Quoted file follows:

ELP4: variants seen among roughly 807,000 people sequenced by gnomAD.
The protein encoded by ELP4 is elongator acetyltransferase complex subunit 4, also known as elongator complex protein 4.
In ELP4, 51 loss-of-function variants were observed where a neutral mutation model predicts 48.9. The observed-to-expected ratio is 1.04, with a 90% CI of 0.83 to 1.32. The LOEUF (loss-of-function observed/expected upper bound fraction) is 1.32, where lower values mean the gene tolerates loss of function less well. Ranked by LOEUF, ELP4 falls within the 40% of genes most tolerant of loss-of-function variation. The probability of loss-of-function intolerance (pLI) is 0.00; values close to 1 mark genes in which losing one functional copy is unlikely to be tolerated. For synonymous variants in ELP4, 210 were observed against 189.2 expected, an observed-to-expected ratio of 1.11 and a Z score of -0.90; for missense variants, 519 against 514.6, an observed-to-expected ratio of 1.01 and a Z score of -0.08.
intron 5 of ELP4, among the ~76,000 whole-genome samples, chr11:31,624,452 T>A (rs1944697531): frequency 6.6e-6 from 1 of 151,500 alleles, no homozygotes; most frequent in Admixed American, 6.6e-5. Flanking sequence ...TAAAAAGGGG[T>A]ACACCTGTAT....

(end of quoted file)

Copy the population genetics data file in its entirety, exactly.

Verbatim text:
ELP4: variants seen among roughly 807,000 people sequenced by gnomAD.
The protein encoded by ELP4 is elongator acetyltransferase complex subunit 4, also known as elongator complex protein 4.
In ELP4, 51 loss-of-function variants were observed where a neutral mutation model predicts 48.9. The observed-to-expected ratio is 1.04, with a 90% CI of 0.83 to 1.32. The LOEUF (loss-of-function observed/expected upper bound fraction) is 1.32, where lower values mean the gene tolerates loss of function less well. Ranked by LOEUF, ELP4 falls within the 40% of genes most tolerant of loss-of-function variation. The probability of loss-of-function intolerance (pLI) is 0.00; values close to 1 mark genes in which losing one functional copy is unlikely to be tolerated. For synonymous variants in ELP4, 210 were observed against 189.2 expected, an observed-to-expected ratio of 1.11 and a Z score of -0.90; for missense variants, 519 against 514.6, an observed-to-expected ratio of 1.01 and a Z score of -0.08.
intron 5 of ELP4, among the ~76,000 whole-genome samples, chr11:31,624,452 T>A (rs1944697531): frequency 6.6e-6 from 1 of 151,500 alleles, no homozygotes; most frequent in Admixed American, 6.6e-5. Flanking sequence ...TAAAAAGGGG[T>A]ACACCTGTAT....